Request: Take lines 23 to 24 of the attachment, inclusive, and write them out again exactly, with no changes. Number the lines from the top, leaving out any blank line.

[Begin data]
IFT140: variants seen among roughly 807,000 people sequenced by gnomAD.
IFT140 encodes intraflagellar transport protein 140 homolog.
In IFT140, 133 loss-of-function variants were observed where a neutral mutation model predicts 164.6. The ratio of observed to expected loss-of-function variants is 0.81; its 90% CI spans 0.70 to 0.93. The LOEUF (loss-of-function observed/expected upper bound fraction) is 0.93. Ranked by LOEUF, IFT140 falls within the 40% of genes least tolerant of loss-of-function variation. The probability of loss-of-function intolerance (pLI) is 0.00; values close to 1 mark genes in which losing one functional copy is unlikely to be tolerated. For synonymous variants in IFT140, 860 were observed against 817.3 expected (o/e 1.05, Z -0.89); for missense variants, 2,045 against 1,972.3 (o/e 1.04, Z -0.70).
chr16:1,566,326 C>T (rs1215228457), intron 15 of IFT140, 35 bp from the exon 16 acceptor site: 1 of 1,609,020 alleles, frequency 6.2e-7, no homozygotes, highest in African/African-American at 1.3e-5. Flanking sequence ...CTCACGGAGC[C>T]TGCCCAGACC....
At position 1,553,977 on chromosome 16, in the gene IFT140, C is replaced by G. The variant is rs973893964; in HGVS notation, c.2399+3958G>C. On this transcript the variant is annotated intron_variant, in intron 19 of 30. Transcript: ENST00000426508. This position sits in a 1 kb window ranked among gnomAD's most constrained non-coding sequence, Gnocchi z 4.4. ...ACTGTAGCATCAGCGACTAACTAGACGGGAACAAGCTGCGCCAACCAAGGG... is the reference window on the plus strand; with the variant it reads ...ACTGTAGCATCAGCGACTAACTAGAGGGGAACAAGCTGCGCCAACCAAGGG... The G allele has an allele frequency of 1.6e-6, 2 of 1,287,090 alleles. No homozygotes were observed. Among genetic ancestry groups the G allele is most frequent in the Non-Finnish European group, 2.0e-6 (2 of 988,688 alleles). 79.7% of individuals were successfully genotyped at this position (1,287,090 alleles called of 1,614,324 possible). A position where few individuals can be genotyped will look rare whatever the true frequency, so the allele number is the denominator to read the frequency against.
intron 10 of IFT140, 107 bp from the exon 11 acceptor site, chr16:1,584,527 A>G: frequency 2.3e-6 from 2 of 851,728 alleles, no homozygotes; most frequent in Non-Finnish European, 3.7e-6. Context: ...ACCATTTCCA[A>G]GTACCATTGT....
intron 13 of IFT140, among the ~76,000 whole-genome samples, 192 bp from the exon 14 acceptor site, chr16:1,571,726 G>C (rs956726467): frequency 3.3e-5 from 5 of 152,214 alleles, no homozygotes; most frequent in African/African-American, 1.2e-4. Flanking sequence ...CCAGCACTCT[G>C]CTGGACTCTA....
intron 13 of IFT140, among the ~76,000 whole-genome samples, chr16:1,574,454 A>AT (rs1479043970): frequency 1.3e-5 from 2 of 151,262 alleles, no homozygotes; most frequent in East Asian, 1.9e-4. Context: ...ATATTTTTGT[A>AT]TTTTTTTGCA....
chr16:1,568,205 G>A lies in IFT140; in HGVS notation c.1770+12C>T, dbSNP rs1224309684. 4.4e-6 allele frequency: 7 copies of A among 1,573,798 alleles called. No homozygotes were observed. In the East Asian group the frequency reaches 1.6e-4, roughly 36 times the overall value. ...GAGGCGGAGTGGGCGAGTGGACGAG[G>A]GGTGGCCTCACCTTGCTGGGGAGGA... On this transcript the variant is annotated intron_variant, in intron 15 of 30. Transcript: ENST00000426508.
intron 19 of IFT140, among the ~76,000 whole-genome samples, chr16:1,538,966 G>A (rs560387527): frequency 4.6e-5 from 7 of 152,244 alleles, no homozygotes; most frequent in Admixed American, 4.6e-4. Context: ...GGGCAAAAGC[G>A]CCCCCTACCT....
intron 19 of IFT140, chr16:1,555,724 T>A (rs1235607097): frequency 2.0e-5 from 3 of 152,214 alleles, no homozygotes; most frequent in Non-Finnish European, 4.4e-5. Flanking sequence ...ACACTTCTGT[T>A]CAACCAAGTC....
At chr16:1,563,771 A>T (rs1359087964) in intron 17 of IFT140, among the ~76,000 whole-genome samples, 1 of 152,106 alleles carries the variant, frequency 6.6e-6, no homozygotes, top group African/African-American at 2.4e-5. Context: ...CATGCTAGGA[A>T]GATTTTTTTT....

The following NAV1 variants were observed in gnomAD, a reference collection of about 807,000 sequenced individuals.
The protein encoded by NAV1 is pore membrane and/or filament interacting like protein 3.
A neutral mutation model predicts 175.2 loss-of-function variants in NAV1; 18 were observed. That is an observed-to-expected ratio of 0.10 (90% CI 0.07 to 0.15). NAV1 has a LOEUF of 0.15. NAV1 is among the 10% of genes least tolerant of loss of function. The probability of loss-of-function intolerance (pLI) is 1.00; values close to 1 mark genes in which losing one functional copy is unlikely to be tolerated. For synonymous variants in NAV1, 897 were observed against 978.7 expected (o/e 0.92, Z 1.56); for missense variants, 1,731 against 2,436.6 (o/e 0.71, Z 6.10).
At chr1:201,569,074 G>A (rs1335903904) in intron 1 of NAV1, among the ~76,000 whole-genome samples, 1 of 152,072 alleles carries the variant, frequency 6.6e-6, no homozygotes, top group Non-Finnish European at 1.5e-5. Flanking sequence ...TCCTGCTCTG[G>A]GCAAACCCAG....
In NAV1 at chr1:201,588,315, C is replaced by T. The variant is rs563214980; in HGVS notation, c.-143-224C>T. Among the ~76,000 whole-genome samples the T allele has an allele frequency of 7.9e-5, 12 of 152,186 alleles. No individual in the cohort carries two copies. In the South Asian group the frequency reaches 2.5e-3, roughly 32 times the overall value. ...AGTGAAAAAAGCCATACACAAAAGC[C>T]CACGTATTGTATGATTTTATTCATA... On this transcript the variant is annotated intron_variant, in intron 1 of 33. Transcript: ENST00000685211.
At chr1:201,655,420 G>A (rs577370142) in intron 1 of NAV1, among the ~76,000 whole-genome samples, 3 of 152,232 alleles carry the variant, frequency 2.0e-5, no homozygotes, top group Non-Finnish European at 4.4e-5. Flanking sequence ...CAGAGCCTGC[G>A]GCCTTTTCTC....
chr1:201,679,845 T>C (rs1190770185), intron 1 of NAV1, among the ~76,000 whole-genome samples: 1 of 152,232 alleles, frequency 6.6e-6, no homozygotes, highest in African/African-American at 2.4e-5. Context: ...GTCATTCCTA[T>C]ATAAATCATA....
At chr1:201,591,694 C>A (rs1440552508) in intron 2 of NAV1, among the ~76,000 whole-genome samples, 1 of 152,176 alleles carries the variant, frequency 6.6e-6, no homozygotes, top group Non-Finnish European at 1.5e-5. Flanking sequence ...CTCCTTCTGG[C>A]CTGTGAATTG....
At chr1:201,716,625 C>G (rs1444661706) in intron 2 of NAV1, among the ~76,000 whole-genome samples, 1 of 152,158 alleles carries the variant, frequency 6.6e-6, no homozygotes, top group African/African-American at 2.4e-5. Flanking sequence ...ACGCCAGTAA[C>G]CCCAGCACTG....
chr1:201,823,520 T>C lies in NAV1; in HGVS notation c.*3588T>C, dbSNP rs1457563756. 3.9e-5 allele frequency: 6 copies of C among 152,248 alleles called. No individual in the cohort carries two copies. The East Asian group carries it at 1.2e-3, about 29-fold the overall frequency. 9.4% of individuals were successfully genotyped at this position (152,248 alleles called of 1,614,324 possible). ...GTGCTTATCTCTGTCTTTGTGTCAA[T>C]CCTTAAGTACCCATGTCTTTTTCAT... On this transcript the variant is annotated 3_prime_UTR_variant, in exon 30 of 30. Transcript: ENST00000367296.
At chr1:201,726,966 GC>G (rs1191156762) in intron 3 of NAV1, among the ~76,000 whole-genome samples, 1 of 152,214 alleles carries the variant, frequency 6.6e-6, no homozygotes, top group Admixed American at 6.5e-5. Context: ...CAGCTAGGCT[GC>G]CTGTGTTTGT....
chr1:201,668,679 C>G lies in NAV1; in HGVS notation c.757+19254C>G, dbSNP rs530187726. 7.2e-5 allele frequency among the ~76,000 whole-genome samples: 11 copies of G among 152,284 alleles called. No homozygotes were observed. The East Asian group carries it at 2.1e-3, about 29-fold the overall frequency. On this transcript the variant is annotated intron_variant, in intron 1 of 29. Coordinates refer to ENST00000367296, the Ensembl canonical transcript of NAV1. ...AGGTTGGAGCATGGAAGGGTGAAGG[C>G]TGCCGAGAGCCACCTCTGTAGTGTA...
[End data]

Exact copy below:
At chr1:201,726,966 GC>G (rs1191156762) in intron 3 of NAV1, among the ~76,000 whole-genome samples, 1 of 152,214 alleles carries the variant, frequency 6.6e-6, no homozygotes, top group Admixed American at 6.5e-5. Context: ...CAGCTAGGCT[GC>G]CTGTGTTTGT....
chr1:201,668,679 C>G lies in NAV1; in HGVS notation c.757+19254C>G, dbSNP rs530187726. 7.2e-5 allele frequency among the ~76,000 whole-genome samples: 11 copies of G among 152,284 alleles called. No homozygotes were observed. The East Asian group carries it at 2.1e-3, about 29-fold the overall frequency. On this transcript the variant is annotated intron_variant, in intron 1 of 29. Coordinates refer to ENST00000367296, the Ensembl canonical transcript of NAV1. ...AGGTTGGAGCATGGAAGGGTGAAGG[C>G]TGCCGAGAGCCACCTCTGTAGTGTA...